The importance of forests to the well-being of a large number of poor people especially in tropical developing countries is indisputable and well recorded (Ruiz Pérez and Arnold 1996; Arnold and Ruiz-Perez 1998; Byron and Arnold1999; Tieguhong and Ndoye 2004; Sunderlin et al.2005;Powell et al. 2011;). In addition, tropical forests are a natural resource pool indispensable to the national development plans and poverty reduction strategies around the world. The tropical forests contain a wealth of timber and non-timber products which have thus been exploited for food, fuel wood, watershed, pharmaceutical royalties, honey, snail and other marketable and non-marketable products. NTFPs contribute to livelihoods of about 2 billion of the world’s poorest people in urban and rural settlements and are among the most valuable plant resources for present and future food security. There is now clear evidence that the earth’s climate is warming. Global surface temperatures have risen by 1.3 degrees Fahrenheit (ºF) over the last 100 years. Worldwide, the last decade has been the warmest on record. The rate of warming across the globe over the last 50 years (0.24ºF per decade) is almost double the rate of Warming over the last 100 years (0.13ºF per decade). But the evidence of climate change extends well beyond increases in global surface temperatures. It also includes: changing precipitation patterns, melting ice in the arctic, melting glaciers around the world, increasing ocean temperatures, rising sea level, around the world, acidification of the oceans due to elevated carbon dioxide in the atmosphere, responses by plants and animals, such as shifting ranges. Forests are tremendously naturally endowed to combat climate change by protecting people and livelihoods, and creating a base for more sustainable economic and social development. But this natural mechanism is often hampered by anthropogenic activities. It is therefore imperative to take measures which are environmentally sustainable not only for mitigation, but also for its adaptation. It is argued that climate change presents additional challenges to a country such as Cameroon, owing to its agro-ecological diversity (Brown et al. 2010). Indeed, studies have identiﬁed diﬀerent aspects of climate change vulnerability speciﬁc to individual agro-ecosystems in Cameroon (Brown et al. 2010, Yengoh et al. 2010a). While changes that warrant adaptation may occur in all agro-ecosystems in the country, these changes are not likely to be of the same intensity in the entire country (IPCC 2007). Many developing countries (Smith and Scherr 2003; World Bank 2004);(Nkem et al.2010).Over1.6 billion people living in extreme poverty . Forest preservation and conservation provides an essential mitigation measure towards addressing climate variability and change (Kremen et al. 2000; Thompson et al.2009). There is limited understanding on the magnitude of the changes in local climatic scenarios in the landscape. Observations were related to uncertainty, irregularity and periodic changes. In a study in southern Cameroon, villagers describe this situation as“climate accident”(Chia et al.,2013).However, the inherent variations of climate from season to season and from year to year make variability a fundamental part of climate change (Hulme et al., 1999; Berz, 1999). Research has underscored the vulnerability to climate variability and change of sectors, such as food, energy and water (Sonwa et al.,2012),and the livelihood strategies of forest-dependent communities (Bele et al.,2013a,2013b;Nkem et al.,2012;Chia et al.,2013) in other forest areas in the region. The use of Non-Timber Forest Products (NTFPs) is proffered as an option in this paper. Non-Timber Forest Products (NTFPs) are defined as biological materials other than timber which are extracted from the forest for human use. There are suggestions, however, of three major pathways of climate change impacts on indigenous people and their livelihoods through increase in environmental risks, reduction in livelihood opportunities and consequent stressing of existing social and policy institutions (Agrawal 2007). Forest livelihood strategies are influenced by forest type, which determines the availability and distribution of various livelihood assets described in the Department for International Development (1999) sustainable livelihood framework. This may be related to the differential sensitivity of forest types to climate impacts, as well as to the nature of use of the asset by the community. These climate risks have been selected from the well documented scientific analysis of climate change on tropical forests, particularly Congo Basin forests (CBFP 2005; IPCC 2007; Locatelli et al. 2008; Somorin 2010).NTFPs encompasses as all tangible animals and plants forest products other than industrial wood, coming from natural forests, managed secondary forests and enriched forests.. NTFPs contribute to livelihoods of about 2 billion of the world’s poorest people in urban and rural settlements and are among the most valuable plant resources for present and future food security. There is limited understanding on the magnitude of the changes in local climatic scenarios in the landscape. Observations were related to uncertainty, irregularity and periodic changes. NTFPs if properly managed can provide good sources of animal protein and income to the immediate communities as well as promote tourism. Adaptation through reducing vulnerability is therefore one of the approaches considered likely to reduce the impacts of long-term climate changes. Importantly, it has been argued by Nkem et al. (2010) that sustainable utilization of NTFPs could be among the effective climate change adaptation strategies in Africa. Several climate change related policies and programs have focused on NTFPs. According to UN (2009), NTFPs are one of the co-benefits of REDD+ (Reduced Emissions from Deforestation and Forest Degradation plus). Through its implementation, communities will gain more benefits of ecosystem services, especially through creation of sustainable NTFPs based enterprises (URT, 2010b). The Fifth Assessment Report of the IPCC Smith et al., (2014a) describes how older people are usually at greater risk from storms, floods, heat waves, and other extreme events partly because they tend to be less mobile than younger adults, more likely live alone in some cultures and thus find more difficult to avoid hazardous situations. During such times of stresses, the most important coping strategy for households involves gathering of NTFPs such as wild mushrooms, firewood, wild fruits, thatch grasses, medicinal plants, bush meat, building poles to mention a few. This reliance on forest resources is often greater considering that forests also support local industries that produce wood products (Nkem et al., 2010).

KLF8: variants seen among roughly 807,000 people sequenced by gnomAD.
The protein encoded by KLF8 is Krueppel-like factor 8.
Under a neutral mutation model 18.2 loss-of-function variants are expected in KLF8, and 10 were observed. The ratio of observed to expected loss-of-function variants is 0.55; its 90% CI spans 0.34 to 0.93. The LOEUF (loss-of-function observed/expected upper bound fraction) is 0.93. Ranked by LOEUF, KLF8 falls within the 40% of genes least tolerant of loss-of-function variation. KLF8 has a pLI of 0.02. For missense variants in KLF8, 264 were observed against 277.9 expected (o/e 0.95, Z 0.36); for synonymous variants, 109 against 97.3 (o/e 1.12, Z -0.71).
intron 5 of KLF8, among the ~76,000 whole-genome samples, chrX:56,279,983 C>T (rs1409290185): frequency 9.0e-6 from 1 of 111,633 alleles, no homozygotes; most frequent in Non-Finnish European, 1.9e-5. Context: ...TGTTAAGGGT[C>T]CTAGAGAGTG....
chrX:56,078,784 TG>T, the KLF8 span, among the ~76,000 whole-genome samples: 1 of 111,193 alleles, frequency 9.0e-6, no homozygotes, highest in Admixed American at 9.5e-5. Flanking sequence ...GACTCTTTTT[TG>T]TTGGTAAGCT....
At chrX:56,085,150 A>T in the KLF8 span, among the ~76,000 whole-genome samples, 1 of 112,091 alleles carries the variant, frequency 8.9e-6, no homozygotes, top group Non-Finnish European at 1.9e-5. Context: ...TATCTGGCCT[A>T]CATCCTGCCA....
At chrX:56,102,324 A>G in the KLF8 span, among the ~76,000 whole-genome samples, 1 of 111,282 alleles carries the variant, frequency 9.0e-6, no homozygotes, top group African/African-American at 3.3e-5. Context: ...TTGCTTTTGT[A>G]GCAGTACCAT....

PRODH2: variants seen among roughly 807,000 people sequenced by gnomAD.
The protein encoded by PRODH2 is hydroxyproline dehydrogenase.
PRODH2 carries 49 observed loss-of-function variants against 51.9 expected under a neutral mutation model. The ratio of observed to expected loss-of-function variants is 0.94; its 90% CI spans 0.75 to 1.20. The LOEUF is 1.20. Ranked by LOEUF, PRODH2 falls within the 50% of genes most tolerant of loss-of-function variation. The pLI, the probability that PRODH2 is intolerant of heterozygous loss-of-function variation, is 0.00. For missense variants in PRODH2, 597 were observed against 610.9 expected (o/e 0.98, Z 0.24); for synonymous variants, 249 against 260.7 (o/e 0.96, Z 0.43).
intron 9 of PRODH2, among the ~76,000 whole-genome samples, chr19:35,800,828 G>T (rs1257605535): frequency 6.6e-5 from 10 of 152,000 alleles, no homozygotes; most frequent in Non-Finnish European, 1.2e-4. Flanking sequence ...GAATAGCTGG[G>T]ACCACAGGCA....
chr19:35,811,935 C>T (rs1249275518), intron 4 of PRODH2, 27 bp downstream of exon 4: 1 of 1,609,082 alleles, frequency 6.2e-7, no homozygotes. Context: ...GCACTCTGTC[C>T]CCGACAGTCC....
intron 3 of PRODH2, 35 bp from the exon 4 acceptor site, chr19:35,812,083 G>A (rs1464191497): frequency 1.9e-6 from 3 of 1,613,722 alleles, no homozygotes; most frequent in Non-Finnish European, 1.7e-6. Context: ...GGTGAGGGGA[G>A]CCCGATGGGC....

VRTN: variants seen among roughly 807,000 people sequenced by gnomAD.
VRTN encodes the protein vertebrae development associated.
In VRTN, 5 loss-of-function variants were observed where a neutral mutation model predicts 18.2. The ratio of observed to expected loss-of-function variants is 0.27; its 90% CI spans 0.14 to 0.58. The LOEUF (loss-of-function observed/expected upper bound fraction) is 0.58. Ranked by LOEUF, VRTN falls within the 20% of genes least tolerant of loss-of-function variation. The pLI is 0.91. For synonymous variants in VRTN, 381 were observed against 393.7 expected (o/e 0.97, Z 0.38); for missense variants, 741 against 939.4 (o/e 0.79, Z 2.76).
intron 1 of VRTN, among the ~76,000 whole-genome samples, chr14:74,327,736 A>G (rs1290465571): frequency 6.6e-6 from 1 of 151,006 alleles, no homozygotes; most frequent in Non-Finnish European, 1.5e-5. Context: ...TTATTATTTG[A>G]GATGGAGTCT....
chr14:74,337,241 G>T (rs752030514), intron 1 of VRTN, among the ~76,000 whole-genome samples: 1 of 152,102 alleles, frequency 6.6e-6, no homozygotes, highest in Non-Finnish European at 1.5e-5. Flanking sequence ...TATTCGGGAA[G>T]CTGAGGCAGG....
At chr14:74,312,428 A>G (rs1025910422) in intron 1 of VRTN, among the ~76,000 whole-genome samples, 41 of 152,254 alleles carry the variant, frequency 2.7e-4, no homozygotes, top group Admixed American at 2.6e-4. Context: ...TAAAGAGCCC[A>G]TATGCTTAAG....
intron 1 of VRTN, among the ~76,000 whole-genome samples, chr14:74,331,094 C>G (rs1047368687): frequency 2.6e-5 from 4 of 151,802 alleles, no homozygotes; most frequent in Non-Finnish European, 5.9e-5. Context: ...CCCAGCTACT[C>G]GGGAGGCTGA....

The objectives of this study were to:
Identify different types of NTFPs in the study area and amount sold per household per year in BFR.
To examine local perception of climate change vulnerability and impacts on NTFPs availability and livelihoods of forest dependent communities around BFR, perceptions on changes in rainfall patterns and temperatures around BFR.
To examine the coping/adaptation strategies at community level in the changing climate.